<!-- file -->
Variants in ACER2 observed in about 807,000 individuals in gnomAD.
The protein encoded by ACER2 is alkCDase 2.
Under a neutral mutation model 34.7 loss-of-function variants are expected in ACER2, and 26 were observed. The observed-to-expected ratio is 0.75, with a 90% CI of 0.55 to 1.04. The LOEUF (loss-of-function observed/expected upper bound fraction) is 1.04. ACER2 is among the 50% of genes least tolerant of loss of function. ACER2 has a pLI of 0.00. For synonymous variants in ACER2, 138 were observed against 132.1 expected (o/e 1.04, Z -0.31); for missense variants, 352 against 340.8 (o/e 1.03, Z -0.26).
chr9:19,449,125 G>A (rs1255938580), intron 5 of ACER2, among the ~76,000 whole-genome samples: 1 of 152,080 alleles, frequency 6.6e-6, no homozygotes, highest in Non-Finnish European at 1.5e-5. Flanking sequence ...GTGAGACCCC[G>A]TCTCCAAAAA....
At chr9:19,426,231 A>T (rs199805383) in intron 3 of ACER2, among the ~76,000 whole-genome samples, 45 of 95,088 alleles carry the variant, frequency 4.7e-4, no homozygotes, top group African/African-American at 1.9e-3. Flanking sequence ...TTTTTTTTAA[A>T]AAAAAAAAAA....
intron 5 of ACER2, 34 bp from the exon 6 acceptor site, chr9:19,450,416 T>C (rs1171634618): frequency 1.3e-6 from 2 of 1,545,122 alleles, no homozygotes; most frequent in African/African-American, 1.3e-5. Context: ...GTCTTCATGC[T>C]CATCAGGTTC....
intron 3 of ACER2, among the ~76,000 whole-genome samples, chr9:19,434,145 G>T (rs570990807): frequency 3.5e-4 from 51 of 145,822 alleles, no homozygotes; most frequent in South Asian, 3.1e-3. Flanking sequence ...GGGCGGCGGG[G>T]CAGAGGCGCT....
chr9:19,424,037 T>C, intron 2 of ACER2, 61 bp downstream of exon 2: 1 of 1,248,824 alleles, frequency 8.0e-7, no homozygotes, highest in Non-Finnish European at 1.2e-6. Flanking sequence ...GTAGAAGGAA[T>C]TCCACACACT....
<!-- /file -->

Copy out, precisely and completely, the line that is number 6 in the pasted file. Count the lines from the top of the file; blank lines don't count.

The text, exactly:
intron 5 of ACER2, 34 bp from the exon 6 acceptor site, chr9:19,450,416 T>C (rs1171634618): frequency 1.3e-6 from 2 of 1,545,122 alleles, no homozygotes; most frequent in African/African-American, 1.3e-5. Context: ...GTCTTCATGC[T>C]CATCAGGTTC....